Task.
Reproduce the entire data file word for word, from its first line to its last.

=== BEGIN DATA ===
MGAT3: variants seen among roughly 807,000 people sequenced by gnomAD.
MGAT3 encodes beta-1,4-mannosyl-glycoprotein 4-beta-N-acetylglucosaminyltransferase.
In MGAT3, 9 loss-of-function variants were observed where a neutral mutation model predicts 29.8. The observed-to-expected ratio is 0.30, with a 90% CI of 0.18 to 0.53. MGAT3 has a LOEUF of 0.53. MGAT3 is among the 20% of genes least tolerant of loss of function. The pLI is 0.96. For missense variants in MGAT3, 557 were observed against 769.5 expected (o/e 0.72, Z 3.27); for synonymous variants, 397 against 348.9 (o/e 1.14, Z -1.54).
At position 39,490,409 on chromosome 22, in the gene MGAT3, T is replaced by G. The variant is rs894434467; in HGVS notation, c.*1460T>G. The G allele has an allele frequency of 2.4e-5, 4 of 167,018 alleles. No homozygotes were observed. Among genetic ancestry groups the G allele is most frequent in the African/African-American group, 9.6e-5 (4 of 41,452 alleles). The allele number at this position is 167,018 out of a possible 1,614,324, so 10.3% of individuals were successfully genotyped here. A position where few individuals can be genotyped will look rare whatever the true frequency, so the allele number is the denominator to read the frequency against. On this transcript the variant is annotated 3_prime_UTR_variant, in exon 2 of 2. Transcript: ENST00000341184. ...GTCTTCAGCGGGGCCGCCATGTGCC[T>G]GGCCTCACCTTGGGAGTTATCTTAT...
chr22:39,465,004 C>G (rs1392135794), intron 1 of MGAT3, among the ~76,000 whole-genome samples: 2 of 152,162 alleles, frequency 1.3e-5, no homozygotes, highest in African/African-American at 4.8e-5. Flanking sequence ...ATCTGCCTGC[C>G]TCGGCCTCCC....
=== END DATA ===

MGAT3: variants seen among roughly 807,000 people sequenced by gnomAD.
MGAT3 encodes beta-1,4-mannosyl-glycoprotein 4-beta-N-acetylglucosaminyltransferase.
In MGAT3, 9 loss-of-function variants were observed where a neutral mutation model predicts 29.8. The observed-to-expected ratio is 0.30, with a 90% CI of 0.18 to 0.53. MGAT3 has a LOEUF of 0.53. MGAT3 is among the 20% of genes least tolerant of loss of function. The pLI is 0.96. For missense variants in MGAT3, 557 were observed against 769.5 expected (o/e 0.72, Z 3.27); for synonymous variants, 397 against 348.9 (o/e 1.14, Z -1.54).
At position 39,490,409 on chromosome 22, in the gene MGAT3, T is replaced by G. The variant is rs894434467; in HGVS notation, c.*1460T>G. The G allele has an allele frequency of 2.4e-5, 4 of 167,018 alleles. No homozygotes were observed. Among genetic ancestry groups the G allele is most frequent in the African/African-American group, 9.6e-5 (4 of 41,452 alleles). The allele number at this position is 167,018 out of a possible 1,614,324, so 10.3% of individuals were successfully genotyped here. A position where few individuals can be genotyped will look rare whatever the true frequency, so the allele number is the denominator to read the frequency against. On this transcript the variant is annotated 3_prime_UTR_variant, in exon 2 of 2. Transcript: ENST00000341184. ...GTCTTCAGCGGGGCCGCCATGTGCC[T>G]GGCCTCACCTTGGGAGTTATCTTAT...
chr22:39,465,004 C>G (rs1392135794), intron 1 of MGAT3, among the ~76,000 whole-genome samples: 2 of 152,162 alleles, frequency 1.3e-5, no homozygotes, highest in African/African-American at 4.8e-5. Flanking sequence ...ATCTGCCTGC[C>G]TCGGCCTCCC....